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Unsportsmanlike Conduct

Exploiting College Athletes

Subjects: History, American History, Education, Sports
Paperback : 9780472084425, 424 pages, photographs, 6 x 9, August 1997
Ebook : 9780472120871, 424 pages, August 2014
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A challenge to the present system of college athletics

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Table of Contents

The Business of Our Business 5
The Governor and the Death Penalty 17
The Birth of Big Time 37
A New NCAA Enforcement Begins 53
Full Rides in the Name of Amateurism 65
The Explosion of Growth 79
The Tug of War 97
Enforcement under Attack 111
Commercializing Christmas 135
Riots of the Sixties 149
Rules Are Not for Enforcing 169
Beating the System 195
Not Enough Money 219
The Pursuit of Power and Money 253
Enforcing the Antitrust Laws 273
Academic Standards and Athletes 297
Flight from Accountability 321
The Enemy of Reform 337
On the Record 365
Index 401



Walter Byers, who served as NCAA executive director from 1951 to 1987, was charged with the dual mission of keeping intercollegiate sports clean while generating millions of dollars each year as income for the colleges. Here Byers exposes, as only he can, the history and present-day state of college athletics: monetary gifts, questionable academic standards, advertising endorsements, legal battles, and the political manipulation of college presidents.
Byers believes that modern-day college sports are no longer a student activity: they are a high-dollar commercial enter-prise, and college athletes should have the same access to the free market as their coaches and colleges. He favors no one as he cites individual cases of corruption in NCAA history. From Byers' first enforcement case, against the University of Kentucky in 1952, to the NCAA's 1987 "death penalty" levied against Southern Methodist University of Dallas, he shows the change in the athletic environment from simple rules and personally responsible officials to convoluted, cyclopedic regulations with high-priced legal firms defending college violators against a limited NCAA enforcement system. This book is a must for anyone involved in college sports--athletes, coaches, fans, college faculty, and administrators.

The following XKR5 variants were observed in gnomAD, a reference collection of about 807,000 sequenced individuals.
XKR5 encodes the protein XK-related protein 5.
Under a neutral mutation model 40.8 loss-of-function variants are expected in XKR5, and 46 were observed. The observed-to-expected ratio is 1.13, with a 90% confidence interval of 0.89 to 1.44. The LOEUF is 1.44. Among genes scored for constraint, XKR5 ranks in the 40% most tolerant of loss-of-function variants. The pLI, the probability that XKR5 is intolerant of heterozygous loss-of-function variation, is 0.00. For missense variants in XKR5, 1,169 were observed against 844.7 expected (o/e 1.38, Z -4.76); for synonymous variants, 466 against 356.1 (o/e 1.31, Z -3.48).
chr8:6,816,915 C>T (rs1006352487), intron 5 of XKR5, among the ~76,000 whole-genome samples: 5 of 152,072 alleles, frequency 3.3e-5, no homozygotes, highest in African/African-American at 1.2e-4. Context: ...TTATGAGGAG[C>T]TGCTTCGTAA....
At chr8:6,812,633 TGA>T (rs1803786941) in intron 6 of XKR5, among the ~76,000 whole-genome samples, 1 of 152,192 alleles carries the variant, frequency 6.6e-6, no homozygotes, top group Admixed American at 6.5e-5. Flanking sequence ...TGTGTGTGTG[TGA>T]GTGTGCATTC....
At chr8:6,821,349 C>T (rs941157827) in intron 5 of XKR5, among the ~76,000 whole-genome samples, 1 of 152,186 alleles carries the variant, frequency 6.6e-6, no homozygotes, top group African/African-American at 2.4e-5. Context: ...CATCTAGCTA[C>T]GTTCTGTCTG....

As NCAA executive director, Byers started the an enforcement program, pioneered a national academic rule for athletes, and signed more than fifty television contracts with ABC, CBS, NBC, ESPN, and Turner Broadcasting. He oversaw the growth of the NCAA basketball tournament to one that, in 1988, grossed $68.2 million. As the one person who has been inside college athletics for forty years, Walter Byers is uniquely qualified to tell the story of the NCAA and today's exploitation of college athletes.
"There has been no other executive in the history of professional, college, or amateur sports who has had such an impact in his area." --Keith Jackson, ABC Sports
 "Walter Byers has done more to shape intercollegiate athletics that any single person in history. He brought a combination of leadership, insight, and integrity to intercollegiate athletics that we will never again see equaled." --Bob Knight, Head Basketball Coach, Indiana University